Despite these efforts, we still need to do more as individuals to keep stormwater runoff as pollutant free as possible.

How We Can Help Keep Stormwater Runoff Clean:

  • Use fertilizers (see above) and pesticides according to the directions on the label. Pesticides that eradicate terrestrial insects often adversely affect aquatic crustaceans (e.g., copepods ,shrimps, lobsters and crabs), particularly larval stages. After all, they are all arthropods!
  • Dispose of used motor oil, paint, and other chemicals at designated locations. Never let these materials enter storm drains.
  • Dispose of animal wastes properly (see below).
  • Dispose of garbage in proper receptacles.
  • Use native Florida plants in landscaping (see below) to minimize irrigation, reduce use of fertilizers and pesticides, and to avoid proliferation of non-native, invasive species.
  • Recycle or properly dispose of yard wastes (leaves, pine needles, grass cuttings, etc.)
  • Use rainbarrels and rain gardens to capture stormwater runoff from roofs, etc.
  • Wash your car at a commercial car wash or on your lawn – never in the driveway.
  • Report runoff from construction sites and illegal dumping and discharging to the appropriate stormwater agency in your county.
  • Keep neighborhood storm drains free of debris. Participate in approved storm drain marking projects in your municipality.

We all love our pets and treat them like family members. If we do not pick up after our pets, we are doing a disservice to them, ourselves, our neighbors and the environment. Neglected pet waste poses a major bacterial pollution threat to the Indian River Lagoon when it enters local waterways and works its way into the IRL via stormwater runoff.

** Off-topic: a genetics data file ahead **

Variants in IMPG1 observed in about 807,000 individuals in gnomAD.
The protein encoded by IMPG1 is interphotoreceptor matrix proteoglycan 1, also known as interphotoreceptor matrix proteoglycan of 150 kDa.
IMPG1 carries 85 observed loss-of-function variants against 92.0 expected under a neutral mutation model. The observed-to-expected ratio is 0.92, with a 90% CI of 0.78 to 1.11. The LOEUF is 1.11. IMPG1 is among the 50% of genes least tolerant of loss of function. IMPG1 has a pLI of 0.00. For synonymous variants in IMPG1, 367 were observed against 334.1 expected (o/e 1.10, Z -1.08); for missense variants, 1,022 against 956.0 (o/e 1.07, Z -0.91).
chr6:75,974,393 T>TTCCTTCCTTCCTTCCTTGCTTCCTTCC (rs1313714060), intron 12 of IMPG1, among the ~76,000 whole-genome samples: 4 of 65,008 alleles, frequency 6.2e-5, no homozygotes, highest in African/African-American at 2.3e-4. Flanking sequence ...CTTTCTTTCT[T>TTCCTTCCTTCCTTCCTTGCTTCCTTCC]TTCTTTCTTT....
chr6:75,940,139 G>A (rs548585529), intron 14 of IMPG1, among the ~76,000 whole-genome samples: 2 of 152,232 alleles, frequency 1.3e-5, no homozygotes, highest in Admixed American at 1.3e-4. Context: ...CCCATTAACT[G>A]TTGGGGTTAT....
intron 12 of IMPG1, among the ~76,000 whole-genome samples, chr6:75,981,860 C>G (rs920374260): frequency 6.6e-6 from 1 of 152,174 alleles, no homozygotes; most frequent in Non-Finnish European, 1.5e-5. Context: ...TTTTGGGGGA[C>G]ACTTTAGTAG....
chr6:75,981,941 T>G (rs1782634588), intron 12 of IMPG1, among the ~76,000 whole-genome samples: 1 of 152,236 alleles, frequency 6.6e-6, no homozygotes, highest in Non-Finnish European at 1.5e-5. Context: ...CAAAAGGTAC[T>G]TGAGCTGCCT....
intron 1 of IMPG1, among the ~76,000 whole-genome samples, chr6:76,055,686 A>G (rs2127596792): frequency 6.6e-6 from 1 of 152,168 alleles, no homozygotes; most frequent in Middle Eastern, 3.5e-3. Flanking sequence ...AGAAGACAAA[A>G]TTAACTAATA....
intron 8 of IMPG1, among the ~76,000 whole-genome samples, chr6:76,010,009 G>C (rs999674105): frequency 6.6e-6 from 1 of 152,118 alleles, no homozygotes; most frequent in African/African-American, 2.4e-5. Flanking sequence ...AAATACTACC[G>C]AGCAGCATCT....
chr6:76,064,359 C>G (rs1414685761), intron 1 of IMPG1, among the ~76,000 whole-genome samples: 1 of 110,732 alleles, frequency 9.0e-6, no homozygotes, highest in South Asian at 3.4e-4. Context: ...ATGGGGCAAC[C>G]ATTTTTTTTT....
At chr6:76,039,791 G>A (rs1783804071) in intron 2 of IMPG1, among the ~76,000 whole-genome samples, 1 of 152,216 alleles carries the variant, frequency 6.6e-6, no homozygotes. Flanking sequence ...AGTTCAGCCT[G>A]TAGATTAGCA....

The Humane Society of the United States estimates that 39% of all households own at least one dog. Based on this national trend, it is estimated that in Brevard County alone, there are approximately 104,832 dogs. Dogs produce about one pound of waste per day. This material contains fecal coliform bacteria (one gram of dog waste contains about 23 million coliform bacteria) including salmonella. This material may also contain viruses and parasites such as roundworms, hookworms and tapeworms. Many of these organisms present a potential human health hazard and can cause severe cramping and diarrhea, particularly in children and the elderly. These organisms can linger in the soil for years if associated animal waste is not disposed of properly. In urban areas, dog waste is also a potential source of food for mice and rats. Rodents can carry a host of harmful bacteria and be a source of ticks and fleas.